“Ghost in The Shell: Production Report” (4:3 HD 26mins)- This feature takes a look at the DGA (digital generated animation), digital cel work, AVID (basically PC based editing) and other processes which were used to create the (at the time) revolutionary animated feature. This really is a fascinating feature and although it's now completely outdated and almost archaic (which is not helped by the cheesy 80's soundtrack), it gives a very interesting background to the movie. The animators, the cast and the director also feature, commenting on the creation process for 'Ghost in the Shell' and take a retrospective look at its success. The feature goes into plenty of detail on all aspects of the movie, from the score to the plot, but be warned as there are some spoilers in here.
Theatrical Trailer - Included here is a cheese-tastic high definition trailer for the movie.
Creator Biographies - A text based feature outlining a brief biography of Shirow Massmune and Masmoru Oshii.
Character Profiles - These are available as two separate features and give a text based run downs of Aramaki, Batou, Ishikawa, Kusanagi, Nakamura, The Puppet Master and Togusa, as well as a glossary for all the “foreign” terms in the movie.
Standing as one of the most influential and ground breaking pieces of anime which has ever graced the silver screen ('The Matrix' borrows heavily from this movie), to view this movie back in 1995 would have been a mind blowing experience for many. The story still holds strong and although it's lost some of its impact due to replication over the years, it's still a thoroughly enjoyable and engaging experience. The inclusion of new CGI and audio effects really serves to bring this landmark movie bang up to date and so, this release comes highly recommended.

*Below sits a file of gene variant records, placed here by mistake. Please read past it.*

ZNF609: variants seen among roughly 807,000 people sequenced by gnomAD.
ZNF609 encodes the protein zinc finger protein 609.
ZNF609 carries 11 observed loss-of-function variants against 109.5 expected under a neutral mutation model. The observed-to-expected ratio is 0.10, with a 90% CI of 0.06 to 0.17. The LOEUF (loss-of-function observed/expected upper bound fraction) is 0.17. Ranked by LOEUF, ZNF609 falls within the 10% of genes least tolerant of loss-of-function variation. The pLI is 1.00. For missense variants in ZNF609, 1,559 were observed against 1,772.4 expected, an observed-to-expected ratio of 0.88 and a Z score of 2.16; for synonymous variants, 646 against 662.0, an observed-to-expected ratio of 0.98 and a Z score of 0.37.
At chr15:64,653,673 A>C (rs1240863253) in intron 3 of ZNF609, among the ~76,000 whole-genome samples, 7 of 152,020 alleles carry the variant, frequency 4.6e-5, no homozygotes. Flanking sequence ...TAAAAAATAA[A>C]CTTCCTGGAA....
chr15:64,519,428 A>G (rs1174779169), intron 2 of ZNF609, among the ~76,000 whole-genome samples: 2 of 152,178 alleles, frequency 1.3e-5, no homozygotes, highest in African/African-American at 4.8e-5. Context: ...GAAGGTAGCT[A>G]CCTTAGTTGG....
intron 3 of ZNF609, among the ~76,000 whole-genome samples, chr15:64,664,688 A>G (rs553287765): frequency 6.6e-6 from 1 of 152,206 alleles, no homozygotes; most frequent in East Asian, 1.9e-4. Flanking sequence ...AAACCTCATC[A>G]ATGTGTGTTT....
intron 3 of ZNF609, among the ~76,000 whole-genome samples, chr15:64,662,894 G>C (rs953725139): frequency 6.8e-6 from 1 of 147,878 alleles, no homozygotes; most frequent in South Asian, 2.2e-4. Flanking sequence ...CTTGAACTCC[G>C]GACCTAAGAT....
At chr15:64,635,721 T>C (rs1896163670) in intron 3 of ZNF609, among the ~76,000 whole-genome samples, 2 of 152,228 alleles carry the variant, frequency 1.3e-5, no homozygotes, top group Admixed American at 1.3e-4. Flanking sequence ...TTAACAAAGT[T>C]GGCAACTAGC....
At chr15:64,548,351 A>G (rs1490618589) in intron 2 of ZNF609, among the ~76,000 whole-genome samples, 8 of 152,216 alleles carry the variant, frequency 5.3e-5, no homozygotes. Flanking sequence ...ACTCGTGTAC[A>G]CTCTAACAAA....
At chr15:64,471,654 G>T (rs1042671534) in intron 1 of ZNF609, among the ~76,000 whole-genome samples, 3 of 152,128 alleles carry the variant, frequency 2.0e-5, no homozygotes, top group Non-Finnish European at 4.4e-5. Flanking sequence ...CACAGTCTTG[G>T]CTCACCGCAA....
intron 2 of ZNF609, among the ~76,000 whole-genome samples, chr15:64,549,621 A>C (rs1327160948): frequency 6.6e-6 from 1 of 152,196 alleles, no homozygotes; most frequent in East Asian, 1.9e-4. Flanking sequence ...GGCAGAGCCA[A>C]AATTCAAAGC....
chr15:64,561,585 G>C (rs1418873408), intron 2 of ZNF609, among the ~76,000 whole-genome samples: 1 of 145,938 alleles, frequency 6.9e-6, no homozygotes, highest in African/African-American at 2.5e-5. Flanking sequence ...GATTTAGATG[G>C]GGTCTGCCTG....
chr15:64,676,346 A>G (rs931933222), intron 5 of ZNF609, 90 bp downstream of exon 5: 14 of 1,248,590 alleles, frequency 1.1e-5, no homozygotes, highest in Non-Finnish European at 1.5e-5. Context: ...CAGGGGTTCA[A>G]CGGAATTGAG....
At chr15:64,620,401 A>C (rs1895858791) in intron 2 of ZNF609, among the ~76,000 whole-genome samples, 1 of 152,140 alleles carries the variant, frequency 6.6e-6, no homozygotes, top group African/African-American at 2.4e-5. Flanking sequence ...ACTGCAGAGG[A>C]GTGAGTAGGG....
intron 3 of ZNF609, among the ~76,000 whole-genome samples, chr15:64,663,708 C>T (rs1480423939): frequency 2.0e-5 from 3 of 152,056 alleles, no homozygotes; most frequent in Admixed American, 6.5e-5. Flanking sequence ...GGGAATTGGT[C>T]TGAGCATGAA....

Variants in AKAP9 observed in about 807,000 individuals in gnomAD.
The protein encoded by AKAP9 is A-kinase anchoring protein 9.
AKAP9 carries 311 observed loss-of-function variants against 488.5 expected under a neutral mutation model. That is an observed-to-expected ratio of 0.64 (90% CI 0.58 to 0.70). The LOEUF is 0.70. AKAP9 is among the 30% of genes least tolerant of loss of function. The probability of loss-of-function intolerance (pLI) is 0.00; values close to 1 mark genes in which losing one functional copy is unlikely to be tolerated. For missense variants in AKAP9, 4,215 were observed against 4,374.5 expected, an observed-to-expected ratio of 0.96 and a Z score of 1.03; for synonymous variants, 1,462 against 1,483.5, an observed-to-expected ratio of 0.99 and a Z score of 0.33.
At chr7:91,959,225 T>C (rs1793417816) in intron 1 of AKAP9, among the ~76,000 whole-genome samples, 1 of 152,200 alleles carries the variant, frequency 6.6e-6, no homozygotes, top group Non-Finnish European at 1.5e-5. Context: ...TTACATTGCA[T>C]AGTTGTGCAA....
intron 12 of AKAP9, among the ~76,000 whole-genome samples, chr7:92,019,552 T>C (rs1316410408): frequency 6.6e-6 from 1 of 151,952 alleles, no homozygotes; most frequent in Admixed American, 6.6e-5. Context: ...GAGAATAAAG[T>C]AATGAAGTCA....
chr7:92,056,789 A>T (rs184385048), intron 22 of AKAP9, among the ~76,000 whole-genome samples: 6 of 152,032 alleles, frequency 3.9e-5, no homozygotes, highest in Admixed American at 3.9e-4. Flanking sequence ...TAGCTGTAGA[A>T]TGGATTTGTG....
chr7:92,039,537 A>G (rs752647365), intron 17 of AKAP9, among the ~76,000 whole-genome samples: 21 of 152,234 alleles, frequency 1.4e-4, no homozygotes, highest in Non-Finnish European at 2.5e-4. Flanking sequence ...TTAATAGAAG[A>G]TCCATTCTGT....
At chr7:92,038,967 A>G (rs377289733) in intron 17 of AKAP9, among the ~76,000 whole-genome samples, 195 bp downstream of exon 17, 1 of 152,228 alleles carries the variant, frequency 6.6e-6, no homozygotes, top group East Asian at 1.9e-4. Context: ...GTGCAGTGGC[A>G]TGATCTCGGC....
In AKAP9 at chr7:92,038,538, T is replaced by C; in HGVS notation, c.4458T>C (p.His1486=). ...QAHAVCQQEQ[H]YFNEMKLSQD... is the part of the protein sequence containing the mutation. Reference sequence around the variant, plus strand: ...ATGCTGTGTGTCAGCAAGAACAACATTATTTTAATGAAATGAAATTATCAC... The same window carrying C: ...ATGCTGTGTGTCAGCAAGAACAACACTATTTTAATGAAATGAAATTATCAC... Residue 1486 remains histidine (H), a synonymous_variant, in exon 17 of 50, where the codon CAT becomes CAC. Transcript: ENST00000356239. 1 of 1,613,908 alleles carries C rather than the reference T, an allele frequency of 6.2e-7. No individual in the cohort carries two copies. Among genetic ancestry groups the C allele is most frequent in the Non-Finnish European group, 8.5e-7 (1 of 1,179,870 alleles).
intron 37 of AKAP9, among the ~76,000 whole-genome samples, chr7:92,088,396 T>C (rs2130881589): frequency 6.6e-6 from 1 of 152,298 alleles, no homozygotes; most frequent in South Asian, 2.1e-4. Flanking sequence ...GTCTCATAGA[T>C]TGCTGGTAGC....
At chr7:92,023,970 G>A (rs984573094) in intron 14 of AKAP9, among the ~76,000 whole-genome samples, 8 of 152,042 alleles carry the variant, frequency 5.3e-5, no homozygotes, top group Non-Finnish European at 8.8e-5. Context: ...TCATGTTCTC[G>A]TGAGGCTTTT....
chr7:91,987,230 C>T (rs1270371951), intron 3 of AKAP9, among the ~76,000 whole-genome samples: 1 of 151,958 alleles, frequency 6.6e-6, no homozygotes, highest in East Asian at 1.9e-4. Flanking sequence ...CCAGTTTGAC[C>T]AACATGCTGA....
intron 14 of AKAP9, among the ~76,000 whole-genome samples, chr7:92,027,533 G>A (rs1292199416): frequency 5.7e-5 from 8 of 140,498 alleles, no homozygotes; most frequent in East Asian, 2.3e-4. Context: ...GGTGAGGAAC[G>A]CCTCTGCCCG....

The video presentation has gotten a complete overhaul and is well worth the upgrade from DVD editions. The same can be said of the exemplary uncompressed 6.1 dts HD Master Audio surround track. The inclusion of the complete original cut of the movie in 1080p is a masterstroke and more than makes up for the other lacklustre additional supplements, which is not helped by some false advertising on the BD packaging. With both the original and the remastered version of the movie included on this release, backed up by a very strong audio visual presentation, this BD really is a must buy for all anime fans.
Suggested retail price when reviewed: £18.58